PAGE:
Kevin Pelton: Golden State is very much alive to avoid the 10th seed in the West play-in tournament and needs to win two games on the road just to make the playoffs. Thanks to a 3-1 series win over the Lakers, the Warriors now hold the head-to-head tiebreaker and are even in the loss column, meaning they’ll likely finish ninth and host a rematch next week if both teams win out — pending more complex multiteam ties.

Both the Warriors and the Lakers have just one game remaining against an opponent with something to play for — the New Orleans Pelicans — who visit the Warriors on Friday before hosting the Lakers on Sunday. That puts New Orleans in an interesting position to help dictate where the Lakers finish, relevant because the Pelicans hold the Lakers’ first-round draft pick unless they opt to defer it until 2025. (Of course, New Orleans has its own playoff seeding to manage, and the Pelicans surely want to stay in sixth to avoid dealing with the play-in themselves.)

A Lakers win would have all but doomed Golden State to 10th in the West. The Warriors’ win makes the final five days of the regular season that much more interesting.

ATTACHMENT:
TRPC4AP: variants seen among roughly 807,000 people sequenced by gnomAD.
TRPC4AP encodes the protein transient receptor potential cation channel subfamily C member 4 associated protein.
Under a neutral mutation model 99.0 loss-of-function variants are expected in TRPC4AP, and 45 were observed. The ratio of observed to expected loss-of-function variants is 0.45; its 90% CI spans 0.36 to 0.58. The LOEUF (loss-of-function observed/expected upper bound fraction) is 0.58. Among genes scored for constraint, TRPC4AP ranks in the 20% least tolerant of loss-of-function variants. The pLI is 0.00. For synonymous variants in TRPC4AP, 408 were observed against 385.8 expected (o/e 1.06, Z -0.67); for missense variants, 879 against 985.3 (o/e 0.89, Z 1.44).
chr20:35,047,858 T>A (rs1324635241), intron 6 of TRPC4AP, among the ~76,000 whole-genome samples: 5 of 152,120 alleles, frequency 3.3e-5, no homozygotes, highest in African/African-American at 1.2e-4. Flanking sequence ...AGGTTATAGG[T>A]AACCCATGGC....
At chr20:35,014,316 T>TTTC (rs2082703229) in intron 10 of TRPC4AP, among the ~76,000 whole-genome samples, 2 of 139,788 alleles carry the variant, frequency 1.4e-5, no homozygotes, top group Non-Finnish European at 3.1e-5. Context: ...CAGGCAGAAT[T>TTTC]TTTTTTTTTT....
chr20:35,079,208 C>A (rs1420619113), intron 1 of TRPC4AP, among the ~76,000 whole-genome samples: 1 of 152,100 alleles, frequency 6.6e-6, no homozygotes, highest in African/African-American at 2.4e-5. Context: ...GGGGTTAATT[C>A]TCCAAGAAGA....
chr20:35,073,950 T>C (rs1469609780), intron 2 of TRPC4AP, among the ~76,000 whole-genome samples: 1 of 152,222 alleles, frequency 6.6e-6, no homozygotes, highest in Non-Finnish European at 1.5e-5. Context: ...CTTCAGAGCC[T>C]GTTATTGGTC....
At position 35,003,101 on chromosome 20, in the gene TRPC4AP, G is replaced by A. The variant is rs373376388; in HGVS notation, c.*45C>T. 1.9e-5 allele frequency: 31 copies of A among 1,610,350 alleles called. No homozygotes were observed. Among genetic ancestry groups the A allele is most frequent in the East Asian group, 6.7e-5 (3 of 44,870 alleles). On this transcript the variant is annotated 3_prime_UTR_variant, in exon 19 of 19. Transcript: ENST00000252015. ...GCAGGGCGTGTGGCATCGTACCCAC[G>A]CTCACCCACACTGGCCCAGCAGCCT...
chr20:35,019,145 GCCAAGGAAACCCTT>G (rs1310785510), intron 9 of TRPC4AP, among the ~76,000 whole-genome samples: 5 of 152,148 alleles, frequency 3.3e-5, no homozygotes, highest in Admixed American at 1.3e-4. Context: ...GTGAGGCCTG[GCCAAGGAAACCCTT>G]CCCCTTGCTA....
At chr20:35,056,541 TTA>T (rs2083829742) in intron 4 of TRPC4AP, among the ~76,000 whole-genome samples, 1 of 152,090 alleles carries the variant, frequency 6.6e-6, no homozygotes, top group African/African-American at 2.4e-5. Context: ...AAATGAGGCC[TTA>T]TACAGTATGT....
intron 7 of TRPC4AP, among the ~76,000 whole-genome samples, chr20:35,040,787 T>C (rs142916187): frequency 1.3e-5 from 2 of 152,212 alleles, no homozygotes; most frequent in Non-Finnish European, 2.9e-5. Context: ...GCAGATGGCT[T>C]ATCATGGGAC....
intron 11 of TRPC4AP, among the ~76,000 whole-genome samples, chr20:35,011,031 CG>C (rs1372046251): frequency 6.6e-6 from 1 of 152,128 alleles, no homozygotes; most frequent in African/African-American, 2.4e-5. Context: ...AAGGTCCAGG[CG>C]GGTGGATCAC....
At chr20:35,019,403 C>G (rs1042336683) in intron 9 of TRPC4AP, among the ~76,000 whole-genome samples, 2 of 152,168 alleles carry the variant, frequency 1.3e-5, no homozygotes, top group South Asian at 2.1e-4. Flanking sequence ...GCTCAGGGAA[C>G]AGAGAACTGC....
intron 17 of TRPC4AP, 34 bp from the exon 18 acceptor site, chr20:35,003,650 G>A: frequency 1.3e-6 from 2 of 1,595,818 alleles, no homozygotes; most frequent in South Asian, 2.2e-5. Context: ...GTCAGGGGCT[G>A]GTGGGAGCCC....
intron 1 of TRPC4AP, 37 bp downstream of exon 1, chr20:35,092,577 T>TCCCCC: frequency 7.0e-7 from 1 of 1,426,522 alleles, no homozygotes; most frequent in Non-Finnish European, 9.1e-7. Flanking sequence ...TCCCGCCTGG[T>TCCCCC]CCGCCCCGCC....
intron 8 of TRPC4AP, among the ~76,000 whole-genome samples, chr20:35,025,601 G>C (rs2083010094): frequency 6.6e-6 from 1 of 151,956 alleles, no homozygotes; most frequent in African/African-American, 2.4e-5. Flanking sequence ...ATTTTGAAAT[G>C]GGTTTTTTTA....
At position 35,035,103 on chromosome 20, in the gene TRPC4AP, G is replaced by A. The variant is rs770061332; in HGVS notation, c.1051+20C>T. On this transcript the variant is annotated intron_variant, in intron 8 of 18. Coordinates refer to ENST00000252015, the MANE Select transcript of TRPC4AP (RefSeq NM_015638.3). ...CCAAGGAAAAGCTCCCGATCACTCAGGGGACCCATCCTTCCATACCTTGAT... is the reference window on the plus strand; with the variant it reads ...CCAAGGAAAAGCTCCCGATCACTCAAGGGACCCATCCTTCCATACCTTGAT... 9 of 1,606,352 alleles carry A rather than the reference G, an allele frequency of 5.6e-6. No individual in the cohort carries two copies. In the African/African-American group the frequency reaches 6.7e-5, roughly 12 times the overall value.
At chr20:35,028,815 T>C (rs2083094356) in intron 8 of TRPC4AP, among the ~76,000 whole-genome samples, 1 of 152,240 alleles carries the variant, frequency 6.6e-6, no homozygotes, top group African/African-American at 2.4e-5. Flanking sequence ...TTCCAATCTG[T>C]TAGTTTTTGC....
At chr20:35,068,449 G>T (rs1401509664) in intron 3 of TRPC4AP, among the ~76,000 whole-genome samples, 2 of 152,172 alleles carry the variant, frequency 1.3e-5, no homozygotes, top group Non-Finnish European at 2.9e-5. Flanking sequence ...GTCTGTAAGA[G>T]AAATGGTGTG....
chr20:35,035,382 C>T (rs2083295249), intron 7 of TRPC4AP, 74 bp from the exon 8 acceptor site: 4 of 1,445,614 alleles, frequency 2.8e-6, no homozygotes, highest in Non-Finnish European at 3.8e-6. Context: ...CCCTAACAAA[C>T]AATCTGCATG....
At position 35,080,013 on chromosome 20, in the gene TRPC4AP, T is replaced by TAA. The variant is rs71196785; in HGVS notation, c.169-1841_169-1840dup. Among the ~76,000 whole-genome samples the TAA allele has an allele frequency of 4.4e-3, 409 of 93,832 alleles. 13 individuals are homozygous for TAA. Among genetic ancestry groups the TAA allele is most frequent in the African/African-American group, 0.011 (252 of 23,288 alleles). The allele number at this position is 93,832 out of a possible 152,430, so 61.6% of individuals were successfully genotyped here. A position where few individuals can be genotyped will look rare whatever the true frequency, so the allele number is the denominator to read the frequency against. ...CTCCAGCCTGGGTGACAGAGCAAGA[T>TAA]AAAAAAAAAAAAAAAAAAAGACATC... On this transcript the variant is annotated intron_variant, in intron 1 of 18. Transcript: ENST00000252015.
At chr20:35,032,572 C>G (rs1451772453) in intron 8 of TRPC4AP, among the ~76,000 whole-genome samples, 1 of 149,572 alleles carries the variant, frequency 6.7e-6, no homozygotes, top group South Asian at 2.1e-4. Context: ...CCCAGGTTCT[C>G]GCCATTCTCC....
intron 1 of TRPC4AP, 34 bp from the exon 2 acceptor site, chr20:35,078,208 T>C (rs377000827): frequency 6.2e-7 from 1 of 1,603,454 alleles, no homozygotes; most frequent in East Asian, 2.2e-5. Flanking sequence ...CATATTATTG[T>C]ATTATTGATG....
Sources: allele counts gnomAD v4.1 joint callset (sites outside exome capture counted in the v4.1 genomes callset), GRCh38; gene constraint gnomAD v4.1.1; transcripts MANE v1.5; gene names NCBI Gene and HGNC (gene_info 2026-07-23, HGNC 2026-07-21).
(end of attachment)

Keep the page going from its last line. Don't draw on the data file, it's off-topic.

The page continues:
2. Who is more dangerous in a one-game scenario: LeBron or Steph?

Shelburne: This is a pretty high-class problem for any team that has either player and just one game to win. Just imagine if they were on the same team, like what was discussed between Lakers and Warriors ownership before the trade deadline. In this case, James gets the slight nod because he’s on the ball so much and can control the game himself. Curry needs someone to run the Warriors’ offense with and can be roughed up by bigger, physical teams. But he’s still the most electric offensive player out there when he’s in the midst of one of his flurries.

Marks: James and Curry have each played in two play-in games since the tournament started in 2021. James is 2-0 while Curry’s Golden State team lost twice in 2021. We saw the magic in Curry last year in a winner-take-all Game 7 at Sacramento. But that was last year, and I trust James and, most importantly, his Lakers teammates, in a winner-take-all this year. In games decided in the clutch this season, the Lakers are 23-9, tied with Dallas for the best winning percentage. Meanwhile, Golden State has played a league-high 45 such games and is one game below .500 in them.